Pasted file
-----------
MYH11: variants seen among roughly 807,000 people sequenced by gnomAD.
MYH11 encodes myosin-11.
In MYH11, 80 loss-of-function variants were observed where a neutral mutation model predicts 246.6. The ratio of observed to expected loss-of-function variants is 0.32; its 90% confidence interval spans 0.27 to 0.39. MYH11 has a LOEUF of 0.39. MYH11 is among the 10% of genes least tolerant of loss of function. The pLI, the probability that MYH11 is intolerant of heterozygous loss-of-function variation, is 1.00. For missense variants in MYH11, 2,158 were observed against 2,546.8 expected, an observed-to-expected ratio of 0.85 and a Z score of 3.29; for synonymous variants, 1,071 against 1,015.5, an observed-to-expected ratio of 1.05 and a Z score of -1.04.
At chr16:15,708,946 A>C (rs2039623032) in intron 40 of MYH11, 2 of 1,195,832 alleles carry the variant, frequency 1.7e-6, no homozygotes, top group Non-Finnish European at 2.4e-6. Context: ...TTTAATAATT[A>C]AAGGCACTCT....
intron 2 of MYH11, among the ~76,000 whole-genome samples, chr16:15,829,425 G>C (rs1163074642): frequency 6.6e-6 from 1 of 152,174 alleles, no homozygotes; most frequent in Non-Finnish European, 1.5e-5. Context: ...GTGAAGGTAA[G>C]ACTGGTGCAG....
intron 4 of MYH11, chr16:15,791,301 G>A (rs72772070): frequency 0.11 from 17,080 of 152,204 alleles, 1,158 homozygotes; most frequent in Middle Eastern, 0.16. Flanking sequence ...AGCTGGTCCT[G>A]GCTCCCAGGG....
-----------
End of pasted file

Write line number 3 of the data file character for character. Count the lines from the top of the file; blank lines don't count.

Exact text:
In MYH11, 80 loss-of-function variants were observed where a neutral mutation model predicts 246.6. The ratio of observed to expected loss-of-function variants is 0.32; its 90% confidence interval spans 0.27 to 0.39. MYH11 has a LOEUF of 0.39. MYH11 is among the 10% of genes least tolerant of loss of function. The pLI, the probability that MYH11 is intolerant of heterozygous loss-of-function variation, is 1.00. For missense variants in MYH11, 2,158 were observed against 2,546.8 expected, an observed-to-expected ratio of 0.85 and a Z score of 3.29; for synonymous variants, 1,071 against 1,015.5, an observed-to-expected ratio of 1.05 and a Z score of -1.04.